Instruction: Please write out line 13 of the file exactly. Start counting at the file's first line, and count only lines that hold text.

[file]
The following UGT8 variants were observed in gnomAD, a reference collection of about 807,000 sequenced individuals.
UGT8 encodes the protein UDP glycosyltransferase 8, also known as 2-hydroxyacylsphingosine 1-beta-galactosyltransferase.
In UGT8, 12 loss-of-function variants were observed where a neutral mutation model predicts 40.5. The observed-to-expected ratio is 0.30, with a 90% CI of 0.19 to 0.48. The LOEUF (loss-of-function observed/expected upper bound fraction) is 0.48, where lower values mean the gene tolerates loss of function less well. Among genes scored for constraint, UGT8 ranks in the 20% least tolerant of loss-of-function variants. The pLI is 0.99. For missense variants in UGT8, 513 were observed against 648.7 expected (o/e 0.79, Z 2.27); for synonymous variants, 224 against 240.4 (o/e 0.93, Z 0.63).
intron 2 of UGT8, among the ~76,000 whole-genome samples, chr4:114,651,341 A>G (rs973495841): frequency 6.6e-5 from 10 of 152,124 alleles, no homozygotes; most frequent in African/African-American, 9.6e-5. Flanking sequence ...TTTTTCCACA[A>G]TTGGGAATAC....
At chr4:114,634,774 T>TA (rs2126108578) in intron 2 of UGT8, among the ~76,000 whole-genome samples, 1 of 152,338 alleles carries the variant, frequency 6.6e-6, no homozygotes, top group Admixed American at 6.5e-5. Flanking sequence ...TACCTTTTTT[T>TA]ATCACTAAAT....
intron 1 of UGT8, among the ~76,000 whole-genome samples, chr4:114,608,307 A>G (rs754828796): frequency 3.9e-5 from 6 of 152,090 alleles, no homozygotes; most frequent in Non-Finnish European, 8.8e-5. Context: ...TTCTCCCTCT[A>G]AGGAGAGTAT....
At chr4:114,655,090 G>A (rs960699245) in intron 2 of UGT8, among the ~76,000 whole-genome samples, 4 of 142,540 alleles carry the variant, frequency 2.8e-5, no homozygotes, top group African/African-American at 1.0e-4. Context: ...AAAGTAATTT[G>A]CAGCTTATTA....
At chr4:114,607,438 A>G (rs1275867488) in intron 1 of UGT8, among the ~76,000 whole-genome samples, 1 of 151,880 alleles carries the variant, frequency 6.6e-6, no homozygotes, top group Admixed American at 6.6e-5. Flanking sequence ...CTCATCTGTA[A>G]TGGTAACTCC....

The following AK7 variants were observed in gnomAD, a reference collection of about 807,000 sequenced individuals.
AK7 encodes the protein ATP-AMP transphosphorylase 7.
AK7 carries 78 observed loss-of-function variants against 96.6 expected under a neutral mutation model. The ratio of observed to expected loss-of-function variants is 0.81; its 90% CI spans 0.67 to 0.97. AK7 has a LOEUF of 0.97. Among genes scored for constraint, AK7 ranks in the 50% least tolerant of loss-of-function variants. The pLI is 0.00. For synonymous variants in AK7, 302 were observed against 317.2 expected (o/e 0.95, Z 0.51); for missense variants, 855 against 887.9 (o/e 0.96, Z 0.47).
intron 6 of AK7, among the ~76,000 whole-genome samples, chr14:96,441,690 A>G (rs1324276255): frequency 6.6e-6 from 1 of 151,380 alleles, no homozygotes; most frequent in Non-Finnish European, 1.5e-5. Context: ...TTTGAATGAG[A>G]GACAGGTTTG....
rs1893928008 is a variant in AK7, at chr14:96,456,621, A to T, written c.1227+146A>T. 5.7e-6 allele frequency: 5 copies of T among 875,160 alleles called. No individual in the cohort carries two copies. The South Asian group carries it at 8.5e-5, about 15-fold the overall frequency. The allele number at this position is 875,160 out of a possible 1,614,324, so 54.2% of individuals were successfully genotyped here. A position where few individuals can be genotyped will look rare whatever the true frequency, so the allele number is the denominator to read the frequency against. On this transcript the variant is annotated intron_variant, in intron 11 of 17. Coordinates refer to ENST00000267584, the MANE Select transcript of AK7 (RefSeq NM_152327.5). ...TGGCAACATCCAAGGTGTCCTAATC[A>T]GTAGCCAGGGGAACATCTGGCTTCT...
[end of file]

rs1893928008 is a variant in AK7, at chr14:96,456,621, A to T, written c.1227+146A>T. 5.7e-6 allele frequency: 5 copies of T among 875,160 alleles called. No individual in the cohort carries two copies. The South Asian group carries it at 8.5e-5, about 15-fold the overall frequency. The allele number at this position is 875,160 out of a possible 1,614,324, so 54.2% of individuals were successfully genotyped here. A position where few individuals can be genotyped will look rare whatever the true frequency, so the allele number is the denominator to read the frequency against. On this transcript the variant is annotated intron_variant, in intron 11 of 17. Coordinates refer to ENST00000267584, the MANE Select transcript of AK7 (RefSeq NM_152327.5). ...TGGCAACATCCAAGGTGTCCTAATC[A>T]GTAGCCAGGGGAACATCTGGCTTCT...